Ode to Austin

I’ve called Austin home since 2005 when I moved here from Seattle in sweltering summer heat to start graduate school.  I’d planned to move to New York after completing my master’s degree in journalism at UT, but after just two years in this “weird” city, I’d fallen in love. The prospect of leaving my runs around the lake, play sessions with pooches at the Austin Animal Center, or evenings spent enjoying free tunes from talented musicians was heartbreaking.


The attachment I felt for Austin was amazing since I’ve always been afflicted with wanderlust. For the first time in my 27 years I felt truly at “home” despite the fact that I was living in a 300 square foot studio, had no promising job prospects and most of my grad school friends had left Austin for jobs elsewhere.

When I felt affection for other cities in the past, it was always because of the people I knew and loved in them. But my feelings for Austin had nothing to do with any person – it was as if the city had taken on a persona all its own and I felt attached to the land, the lake, the old oak trees, the stunning sunsets and sunrises, and the bright winter days of warmth that lured my northern friends down for visits. These friends always comment that Austin has all the charm, friendliness and mom-and-pop shops of a small town, yet with the amenities and culture of a big city. The fact that I constantly run into people I know while getting my morning coffee or grocery shopping certainly makes Austin feel like a much smaller town than it is.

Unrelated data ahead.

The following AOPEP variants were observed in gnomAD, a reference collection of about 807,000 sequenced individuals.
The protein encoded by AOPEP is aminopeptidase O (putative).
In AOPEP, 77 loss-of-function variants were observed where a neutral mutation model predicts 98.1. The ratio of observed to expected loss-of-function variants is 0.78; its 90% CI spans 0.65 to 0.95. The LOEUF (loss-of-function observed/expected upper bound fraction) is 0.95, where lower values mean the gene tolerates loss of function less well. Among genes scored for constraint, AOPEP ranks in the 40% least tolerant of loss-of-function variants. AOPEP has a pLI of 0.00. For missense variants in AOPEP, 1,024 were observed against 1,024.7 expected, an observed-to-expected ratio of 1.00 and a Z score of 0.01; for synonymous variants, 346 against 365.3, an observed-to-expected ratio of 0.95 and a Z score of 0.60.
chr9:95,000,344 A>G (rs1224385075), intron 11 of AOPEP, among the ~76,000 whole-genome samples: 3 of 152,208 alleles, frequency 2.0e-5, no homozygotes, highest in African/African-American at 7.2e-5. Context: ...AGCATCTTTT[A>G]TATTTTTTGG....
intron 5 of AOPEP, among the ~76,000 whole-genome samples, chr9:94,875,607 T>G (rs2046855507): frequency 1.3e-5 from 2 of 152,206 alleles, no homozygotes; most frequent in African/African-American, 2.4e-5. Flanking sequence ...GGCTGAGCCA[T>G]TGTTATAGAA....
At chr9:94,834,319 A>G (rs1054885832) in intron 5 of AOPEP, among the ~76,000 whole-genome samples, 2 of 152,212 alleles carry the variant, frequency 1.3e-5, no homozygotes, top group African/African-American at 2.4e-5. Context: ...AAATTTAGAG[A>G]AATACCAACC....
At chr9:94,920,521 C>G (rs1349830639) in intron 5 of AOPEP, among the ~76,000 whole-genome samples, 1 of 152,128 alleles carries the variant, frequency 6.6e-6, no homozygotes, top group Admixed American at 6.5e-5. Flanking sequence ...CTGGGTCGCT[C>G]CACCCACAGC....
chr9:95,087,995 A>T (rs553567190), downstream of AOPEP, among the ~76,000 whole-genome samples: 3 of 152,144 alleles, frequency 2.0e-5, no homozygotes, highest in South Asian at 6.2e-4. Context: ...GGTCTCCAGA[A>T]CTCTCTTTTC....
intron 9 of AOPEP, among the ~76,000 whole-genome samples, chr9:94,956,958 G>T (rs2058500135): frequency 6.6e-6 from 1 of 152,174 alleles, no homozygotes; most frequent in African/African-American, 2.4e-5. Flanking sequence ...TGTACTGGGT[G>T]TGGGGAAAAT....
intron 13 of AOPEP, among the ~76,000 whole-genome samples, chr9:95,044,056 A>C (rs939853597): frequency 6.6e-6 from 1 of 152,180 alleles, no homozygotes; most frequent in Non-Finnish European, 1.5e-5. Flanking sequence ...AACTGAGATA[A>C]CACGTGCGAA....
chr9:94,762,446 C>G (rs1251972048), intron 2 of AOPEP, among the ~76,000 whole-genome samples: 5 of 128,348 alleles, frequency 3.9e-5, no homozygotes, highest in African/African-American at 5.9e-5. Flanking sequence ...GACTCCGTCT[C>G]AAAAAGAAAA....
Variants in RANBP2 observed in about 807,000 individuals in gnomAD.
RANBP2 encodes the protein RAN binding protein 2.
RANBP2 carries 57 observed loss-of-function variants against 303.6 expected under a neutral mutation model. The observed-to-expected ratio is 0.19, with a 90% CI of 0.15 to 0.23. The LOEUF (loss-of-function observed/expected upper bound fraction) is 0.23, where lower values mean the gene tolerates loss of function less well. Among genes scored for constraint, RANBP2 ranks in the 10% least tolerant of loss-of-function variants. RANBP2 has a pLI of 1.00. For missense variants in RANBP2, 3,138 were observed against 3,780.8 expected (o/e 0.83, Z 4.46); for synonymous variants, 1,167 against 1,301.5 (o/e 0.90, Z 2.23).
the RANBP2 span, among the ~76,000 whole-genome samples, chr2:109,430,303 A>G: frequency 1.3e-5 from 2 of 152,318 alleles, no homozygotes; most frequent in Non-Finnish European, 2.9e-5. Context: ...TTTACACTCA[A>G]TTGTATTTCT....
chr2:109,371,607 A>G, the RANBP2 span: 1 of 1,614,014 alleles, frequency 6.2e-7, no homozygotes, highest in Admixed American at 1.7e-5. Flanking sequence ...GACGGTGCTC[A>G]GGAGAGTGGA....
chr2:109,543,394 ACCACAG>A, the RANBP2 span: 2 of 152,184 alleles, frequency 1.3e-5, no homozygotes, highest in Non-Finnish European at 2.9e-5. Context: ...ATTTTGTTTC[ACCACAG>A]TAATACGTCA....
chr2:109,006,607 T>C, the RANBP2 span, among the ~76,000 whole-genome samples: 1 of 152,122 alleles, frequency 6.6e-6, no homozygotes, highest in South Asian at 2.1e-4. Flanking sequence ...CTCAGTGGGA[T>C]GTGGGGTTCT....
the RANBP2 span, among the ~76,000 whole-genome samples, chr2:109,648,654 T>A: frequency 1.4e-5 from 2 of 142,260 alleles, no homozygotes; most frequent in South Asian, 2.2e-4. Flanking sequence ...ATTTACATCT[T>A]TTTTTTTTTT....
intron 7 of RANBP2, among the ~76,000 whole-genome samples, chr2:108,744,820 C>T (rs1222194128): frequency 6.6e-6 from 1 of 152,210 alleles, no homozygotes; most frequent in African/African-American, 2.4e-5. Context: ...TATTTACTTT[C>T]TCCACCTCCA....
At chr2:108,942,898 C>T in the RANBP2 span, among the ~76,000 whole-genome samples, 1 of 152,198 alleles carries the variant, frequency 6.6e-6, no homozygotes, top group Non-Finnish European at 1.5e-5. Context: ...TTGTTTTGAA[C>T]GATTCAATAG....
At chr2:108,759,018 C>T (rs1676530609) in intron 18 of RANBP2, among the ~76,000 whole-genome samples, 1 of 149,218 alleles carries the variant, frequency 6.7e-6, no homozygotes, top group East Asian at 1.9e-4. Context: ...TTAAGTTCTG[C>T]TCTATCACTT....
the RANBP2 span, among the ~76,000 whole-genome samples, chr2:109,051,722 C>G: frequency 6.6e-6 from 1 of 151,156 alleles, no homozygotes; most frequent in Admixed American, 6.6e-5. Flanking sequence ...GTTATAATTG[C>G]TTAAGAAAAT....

Austin has opened me up to accomplishments I could not have imagined when I arrived.


During my nine years in this city I have played guitar, drums, bass, keys and sung on the stages of Antone’s, Carousel Lounge, Jovita’s, Freddie’s Place, House Wine and Opa. This is astounding considering I was terribly shy when I moved to this town, and couldn’t conceive of performing in front of a few people, let alone a room full of them. I’ve also been on all of Austin’s local news channels – there was a time when this level of exposure would have been beyond terrifying.


I’ve run the full Austin Marathon twice, and the full Chicago Marathon once. Prior to arriving in Austin, I had never run more than a sluggish six miles, so covering 26.2 of them three times was astounding.


And despite being terrified of flying and of heights, living in this city somehow inspired me to leap from a plane two miles above San Marcos for my 30th birthday. There is a sense of home and of hope in Austin that is comforting and makes you believe anything is possible.


My West Coast friends and family cannot conceive of why I stay in such a “hot, dry, flat, right-wing state”. None of those I attended college in California with can understand why I won’t come back to a place with perfect weather and easy access to beaches, mountains and desert. But unlike California, Austin is affordable. I was able to become a young homeowner here, something that probably wouldn’t happen until much later in life on the expensive West Coast. Buying my condo was made more meaningful for me because I suddenly owned a part of the land I loved.